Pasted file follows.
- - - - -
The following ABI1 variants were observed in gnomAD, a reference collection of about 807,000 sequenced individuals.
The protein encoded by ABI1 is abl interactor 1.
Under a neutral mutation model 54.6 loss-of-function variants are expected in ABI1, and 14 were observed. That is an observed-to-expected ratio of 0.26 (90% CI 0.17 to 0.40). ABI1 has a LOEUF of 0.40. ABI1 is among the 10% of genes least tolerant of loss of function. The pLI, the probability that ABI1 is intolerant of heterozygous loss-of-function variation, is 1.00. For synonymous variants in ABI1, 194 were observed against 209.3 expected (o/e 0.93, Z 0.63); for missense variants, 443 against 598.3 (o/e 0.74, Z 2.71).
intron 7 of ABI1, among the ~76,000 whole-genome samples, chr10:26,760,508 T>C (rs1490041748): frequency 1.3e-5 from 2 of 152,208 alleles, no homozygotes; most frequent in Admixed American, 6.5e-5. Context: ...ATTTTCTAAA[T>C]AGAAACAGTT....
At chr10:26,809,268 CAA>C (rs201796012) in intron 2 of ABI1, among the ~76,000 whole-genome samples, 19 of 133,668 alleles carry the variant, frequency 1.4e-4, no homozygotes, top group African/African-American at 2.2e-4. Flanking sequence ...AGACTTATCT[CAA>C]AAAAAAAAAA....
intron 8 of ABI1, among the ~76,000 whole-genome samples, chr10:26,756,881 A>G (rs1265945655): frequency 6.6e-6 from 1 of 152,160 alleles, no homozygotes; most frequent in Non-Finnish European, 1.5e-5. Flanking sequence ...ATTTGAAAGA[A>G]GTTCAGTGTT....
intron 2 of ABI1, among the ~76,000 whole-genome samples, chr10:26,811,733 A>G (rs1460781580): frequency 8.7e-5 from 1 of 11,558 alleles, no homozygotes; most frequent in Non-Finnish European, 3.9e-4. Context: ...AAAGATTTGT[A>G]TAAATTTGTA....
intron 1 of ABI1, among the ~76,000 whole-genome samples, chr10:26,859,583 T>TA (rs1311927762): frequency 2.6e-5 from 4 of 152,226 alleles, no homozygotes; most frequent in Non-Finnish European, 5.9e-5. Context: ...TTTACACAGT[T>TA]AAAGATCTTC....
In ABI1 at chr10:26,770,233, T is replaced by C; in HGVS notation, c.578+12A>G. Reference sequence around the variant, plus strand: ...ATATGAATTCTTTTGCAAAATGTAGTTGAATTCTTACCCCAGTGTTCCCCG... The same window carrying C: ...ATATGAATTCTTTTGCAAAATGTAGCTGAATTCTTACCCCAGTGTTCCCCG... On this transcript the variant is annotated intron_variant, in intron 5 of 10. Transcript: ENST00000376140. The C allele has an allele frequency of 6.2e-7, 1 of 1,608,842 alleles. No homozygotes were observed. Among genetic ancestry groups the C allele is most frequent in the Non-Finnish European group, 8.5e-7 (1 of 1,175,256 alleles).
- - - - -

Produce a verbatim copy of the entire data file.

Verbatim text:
The following ABI1 variants were observed in gnomAD, a reference collection of about 807,000 sequenced individuals.
The protein encoded by ABI1 is abl interactor 1.
Under a neutral mutation model 54.6 loss-of-function variants are expected in ABI1, and 14 were observed. That is an observed-to-expected ratio of 0.26 (90% CI 0.17 to 0.40). ABI1 has a LOEUF of 0.40. ABI1 is among the 10% of genes least tolerant of loss of function. The pLI, the probability that ABI1 is intolerant of heterozygous loss-of-function variation, is 1.00. For synonymous variants in ABI1, 194 were observed against 209.3 expected (o/e 0.93, Z 0.63); for missense variants, 443 against 598.3 (o/e 0.74, Z 2.71).
intron 7 of ABI1, among the ~76,000 whole-genome samples, chr10:26,760,508 T>C (rs1490041748): frequency 1.3e-5 from 2 of 152,208 alleles, no homozygotes; most frequent in Admixed American, 6.5e-5. Context: ...ATTTTCTAAA[T>C]AGAAACAGTT....
At chr10:26,809,268 CAA>C (rs201796012) in intron 2 of ABI1, among the ~76,000 whole-genome samples, 19 of 133,668 alleles carry the variant, frequency 1.4e-4, no homozygotes, top group African/African-American at 2.2e-4. Flanking sequence ...AGACTTATCT[CAA>C]AAAAAAAAAA....
intron 8 of ABI1, among the ~76,000 whole-genome samples, chr10:26,756,881 A>G (rs1265945655): frequency 6.6e-6 from 1 of 152,160 alleles, no homozygotes; most frequent in Non-Finnish European, 1.5e-5. Flanking sequence ...ATTTGAAAGA[A>G]GTTCAGTGTT....
intron 2 of ABI1, among the ~76,000 whole-genome samples, chr10:26,811,733 A>G (rs1460781580): frequency 8.7e-5 from 1 of 11,558 alleles, no homozygotes; most frequent in Non-Finnish European, 3.9e-4. Context: ...AAAGATTTGT[A>G]TAAATTTGTA....
intron 1 of ABI1, among the ~76,000 whole-genome samples, chr10:26,859,583 T>TA (rs1311927762): frequency 2.6e-5 from 4 of 152,226 alleles, no homozygotes; most frequent in Non-Finnish European, 5.9e-5. Context: ...TTTACACAGT[T>TA]AAAGATCTTC....
In ABI1 at chr10:26,770,233, T is replaced by C; in HGVS notation, c.578+12A>G. Reference sequence around the variant, plus strand: ...ATATGAATTCTTTTGCAAAATGTAGTTGAATTCTTACCCCAGTGTTCCCCG... The same window carrying C: ...ATATGAATTCTTTTGCAAAATGTAGCTGAATTCTTACCCCAGTGTTCCCCG... On this transcript the variant is annotated intron_variant, in intron 5 of 10. Transcript: ENST00000376140. The C allele has an allele frequency of 6.2e-7, 1 of 1,608,842 alleles. No homozygotes were observed. Among genetic ancestry groups the C allele is most frequent in the Non-Finnish European group, 8.5e-7 (1 of 1,175,256 alleles).